Tapa cloth (or simply tapa ) is a barkcloth made in the islands of the Pacific Ocean , primarily in Tonga , Samoa and Fiji , but as far afield as Niue , Cook Islands , Futuna , Solomon Islands , Java , New Zealand , Vanuatu , Papua New Guinea and Hawaii (where it is called kapa ). In French Polynesia it has nearly disappeared, except for some villages in the Marquesas .

Tapa can be decorated by rubbing, stamping, stencilling, smoking (Fiji: "masi Kuvui") or dyeing. The patterns of Tongan, Samoan, and Fijian tapa usually form a grid of squares, each of which contains geometric patterns with repeated motifs such as fish and plants, for example four stylised leaves forming a diagonal cross. Traditional dyes are usually black and rust-brown, although other colours are known.

In former times the cloth was primarily used for clothing, but now cotton and other textiles have replaced it. The major problem with tapa clothing is that the tissue loses its strength when wet and falls apart. (Still it was better than grass-skirts, which usually are either heavier and harder or easily blown apart, but on the low coral atolls where the mulberry does not grow, people had no choice.) It is also labour-intensive to manufacture. Tapa cloth was made by both the men and women in ancient times. An example is the Hawaiian men, who also made their own weapons.

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Aunt Phoebe, a collector of special objects, brings home from Africa a white andinkra cloth and explains to her family, including a young niece, the special significance of different cloth colors and stampings.

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A close reading activity based on the story, “The Talking Cloth” and includes instructions for implementation, text dependent questions, vocabulary and additional tasks. Aligned to Common Core State Standards: RL.3.1, RL.3.2, RL.3.3; W.3.2; SL.3.1, SL.3.2; L.3.1, L.3.2, L.3.5<br />This resource was developed through the Student Achievement Partners Basal Alignment Project. For more information regarding the Basal Alignment Project, check out http://tinyurl.com/l8u25hd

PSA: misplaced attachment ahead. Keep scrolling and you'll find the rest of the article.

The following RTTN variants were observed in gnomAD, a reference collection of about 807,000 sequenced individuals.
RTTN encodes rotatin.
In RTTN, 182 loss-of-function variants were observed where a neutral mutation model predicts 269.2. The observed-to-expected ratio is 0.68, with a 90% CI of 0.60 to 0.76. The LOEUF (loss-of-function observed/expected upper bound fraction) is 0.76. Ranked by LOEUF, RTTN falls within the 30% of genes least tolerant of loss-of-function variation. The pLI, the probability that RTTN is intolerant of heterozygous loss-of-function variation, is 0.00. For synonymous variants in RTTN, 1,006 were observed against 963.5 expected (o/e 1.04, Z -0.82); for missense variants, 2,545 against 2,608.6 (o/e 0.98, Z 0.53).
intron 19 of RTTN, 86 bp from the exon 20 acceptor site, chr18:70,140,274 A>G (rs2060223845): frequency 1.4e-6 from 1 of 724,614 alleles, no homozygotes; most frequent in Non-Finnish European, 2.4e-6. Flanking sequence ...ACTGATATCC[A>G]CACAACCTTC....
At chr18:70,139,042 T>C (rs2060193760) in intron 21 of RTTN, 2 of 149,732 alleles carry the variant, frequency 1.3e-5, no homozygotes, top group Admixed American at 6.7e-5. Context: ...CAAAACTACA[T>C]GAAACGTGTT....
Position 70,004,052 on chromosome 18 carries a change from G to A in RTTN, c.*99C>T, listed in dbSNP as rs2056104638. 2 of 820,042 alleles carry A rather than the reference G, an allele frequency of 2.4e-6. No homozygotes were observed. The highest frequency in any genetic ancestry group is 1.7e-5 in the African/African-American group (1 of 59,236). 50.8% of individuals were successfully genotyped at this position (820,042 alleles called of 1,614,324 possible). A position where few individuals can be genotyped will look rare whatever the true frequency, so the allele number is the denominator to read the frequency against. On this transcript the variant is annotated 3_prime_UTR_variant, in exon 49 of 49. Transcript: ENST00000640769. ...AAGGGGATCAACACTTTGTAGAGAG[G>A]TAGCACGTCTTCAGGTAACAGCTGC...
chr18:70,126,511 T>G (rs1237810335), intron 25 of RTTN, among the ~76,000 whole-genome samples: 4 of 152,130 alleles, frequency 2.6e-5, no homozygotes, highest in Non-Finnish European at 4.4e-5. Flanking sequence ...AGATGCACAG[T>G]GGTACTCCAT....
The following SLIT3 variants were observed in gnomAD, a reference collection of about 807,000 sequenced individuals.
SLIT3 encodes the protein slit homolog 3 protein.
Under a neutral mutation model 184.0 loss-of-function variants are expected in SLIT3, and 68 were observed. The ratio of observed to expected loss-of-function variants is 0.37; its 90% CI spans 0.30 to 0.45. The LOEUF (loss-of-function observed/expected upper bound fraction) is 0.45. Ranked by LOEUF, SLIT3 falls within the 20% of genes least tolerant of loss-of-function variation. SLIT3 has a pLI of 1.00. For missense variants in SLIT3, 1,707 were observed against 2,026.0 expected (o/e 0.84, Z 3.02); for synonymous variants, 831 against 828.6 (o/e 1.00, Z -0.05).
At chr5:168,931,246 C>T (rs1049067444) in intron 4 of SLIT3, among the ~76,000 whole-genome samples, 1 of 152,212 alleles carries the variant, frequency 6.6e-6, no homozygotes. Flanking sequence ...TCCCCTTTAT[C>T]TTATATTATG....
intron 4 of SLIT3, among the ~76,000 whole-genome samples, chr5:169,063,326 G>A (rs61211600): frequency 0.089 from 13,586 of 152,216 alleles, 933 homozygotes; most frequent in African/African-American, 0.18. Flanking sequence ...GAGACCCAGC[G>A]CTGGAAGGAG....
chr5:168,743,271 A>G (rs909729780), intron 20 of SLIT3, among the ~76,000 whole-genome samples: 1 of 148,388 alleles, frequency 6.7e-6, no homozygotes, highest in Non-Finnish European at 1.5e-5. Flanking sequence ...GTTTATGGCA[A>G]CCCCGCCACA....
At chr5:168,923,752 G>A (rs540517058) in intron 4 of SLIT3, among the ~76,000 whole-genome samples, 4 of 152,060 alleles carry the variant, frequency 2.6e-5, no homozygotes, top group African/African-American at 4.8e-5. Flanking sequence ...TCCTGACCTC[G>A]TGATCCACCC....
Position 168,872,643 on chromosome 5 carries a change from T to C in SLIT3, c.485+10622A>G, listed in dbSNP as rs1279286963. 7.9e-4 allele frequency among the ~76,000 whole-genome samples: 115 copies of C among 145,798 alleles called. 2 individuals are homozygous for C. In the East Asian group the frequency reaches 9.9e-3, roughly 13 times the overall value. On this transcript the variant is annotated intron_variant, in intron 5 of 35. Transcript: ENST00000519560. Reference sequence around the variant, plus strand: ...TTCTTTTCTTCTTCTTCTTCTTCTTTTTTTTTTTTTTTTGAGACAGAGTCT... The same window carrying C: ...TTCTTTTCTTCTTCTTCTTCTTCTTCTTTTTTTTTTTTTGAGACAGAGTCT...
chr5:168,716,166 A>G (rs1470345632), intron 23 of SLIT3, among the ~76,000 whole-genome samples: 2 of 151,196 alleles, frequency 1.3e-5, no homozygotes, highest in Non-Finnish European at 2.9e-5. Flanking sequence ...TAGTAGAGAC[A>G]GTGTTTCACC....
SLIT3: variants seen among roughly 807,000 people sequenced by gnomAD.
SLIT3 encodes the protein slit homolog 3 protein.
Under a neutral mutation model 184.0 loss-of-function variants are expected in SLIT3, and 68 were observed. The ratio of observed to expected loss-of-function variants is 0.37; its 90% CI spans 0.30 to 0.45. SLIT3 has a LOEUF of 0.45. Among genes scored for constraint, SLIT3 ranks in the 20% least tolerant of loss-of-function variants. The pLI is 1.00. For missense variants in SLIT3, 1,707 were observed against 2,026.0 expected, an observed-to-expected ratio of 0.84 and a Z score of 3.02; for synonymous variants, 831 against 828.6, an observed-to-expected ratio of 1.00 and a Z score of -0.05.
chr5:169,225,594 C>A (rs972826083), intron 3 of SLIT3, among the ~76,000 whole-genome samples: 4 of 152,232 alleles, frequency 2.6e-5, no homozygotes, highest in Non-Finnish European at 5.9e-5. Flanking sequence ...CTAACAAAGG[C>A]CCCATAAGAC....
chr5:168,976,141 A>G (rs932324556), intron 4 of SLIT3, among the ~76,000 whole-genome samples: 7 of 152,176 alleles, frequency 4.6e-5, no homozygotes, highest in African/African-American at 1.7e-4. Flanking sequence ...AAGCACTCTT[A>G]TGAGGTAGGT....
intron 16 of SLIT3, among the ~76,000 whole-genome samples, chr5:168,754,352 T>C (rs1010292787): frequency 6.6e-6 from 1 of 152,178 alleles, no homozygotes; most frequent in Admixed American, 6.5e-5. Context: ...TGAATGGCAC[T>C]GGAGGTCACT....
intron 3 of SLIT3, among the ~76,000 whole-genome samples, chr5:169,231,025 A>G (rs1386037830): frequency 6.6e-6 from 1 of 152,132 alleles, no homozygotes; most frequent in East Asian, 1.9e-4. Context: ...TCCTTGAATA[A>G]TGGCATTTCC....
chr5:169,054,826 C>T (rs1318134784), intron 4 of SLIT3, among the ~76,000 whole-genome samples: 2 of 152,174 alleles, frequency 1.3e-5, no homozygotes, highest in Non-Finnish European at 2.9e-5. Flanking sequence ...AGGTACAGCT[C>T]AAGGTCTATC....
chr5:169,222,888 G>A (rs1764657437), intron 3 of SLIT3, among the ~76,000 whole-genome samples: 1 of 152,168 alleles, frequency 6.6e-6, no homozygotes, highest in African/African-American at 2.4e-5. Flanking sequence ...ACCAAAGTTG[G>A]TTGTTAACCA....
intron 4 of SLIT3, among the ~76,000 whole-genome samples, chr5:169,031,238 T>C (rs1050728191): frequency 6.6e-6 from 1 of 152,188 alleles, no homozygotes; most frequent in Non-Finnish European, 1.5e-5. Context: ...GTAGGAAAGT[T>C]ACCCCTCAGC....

A close reading activity based on the story, “The Talking Cloth” and includes instructions for implementation, text dependent questions, vocabulary and additional tasks. Aligned to Common Core State Standards: RL.3.1, RL.3.2, RL.3.3; W.3.2; SL.3.1, SL.3.2; L.3.1, L.3.2, L.3.5<br />This resource was developed through the Student Achievement Partners Basal Alignment Project. For more information regarding the Basal Alignment Project, check out http://tinyurl.com/l8u25hd

Tapa cloth (or simply tapa ) is a barkcloth made in the islands of the Pacific Ocean , primarily in Tonga , Samoa and Fiji , but as far afield as Niue , Cook Islands , Futuna , Solomon Islands , Java , New Zealand , Vanuatu , Papua New Guinea and Hawaii (where it is called kapa ). In French Polynesia it has nearly disappeared, except for some villages in the Marquesas .

Tapa can be decorated by rubbing, stamping, stencilling, smoking (Fiji: "masi Kuvui") or dyeing. The patterns of Tongan, Samoan, and Fijian tapa usually form a grid of squares, each of which contains geometric patterns with repeated motifs such as fish and plants, for example four stylised leaves forming a diagonal cross. Traditional dyes are usually black and rust-brown, although other colours are known.

In former times the cloth was primarily used for clothing, but now cotton and other textiles have replaced it. The major problem with tapa clothing is that the tissue loses its strength when wet and falls apart. (Still it was better than grass-skirts, which usually are either heavier and harder or easily blown apart, but on the low coral atolls where the mulberry does not grow, people had no choice.) It is also labour-intensive to manufacture. Tapa cloth was made by both the men and women in ancient times. An example is the Hawaiian men, who also made their own weapons.

Please choose whether or not you want other users to be able to see on your profile that this library is a favorite of yours.

You are about to activate our Facebook Messenger news bot. Once subscribed, the bot will send you a digest of trending stories once a day. You can also customize the types of stories it sends you.

Amazon held an event in Seattle today, and the announcements were non-stop . From new high-end Echos to talking fish, they had all sorts of stuff to show.

Don’t have time to catch up on all of it? That’s okay. We’ve put it all in one quick, easy-to-digest place. For you. Because we care.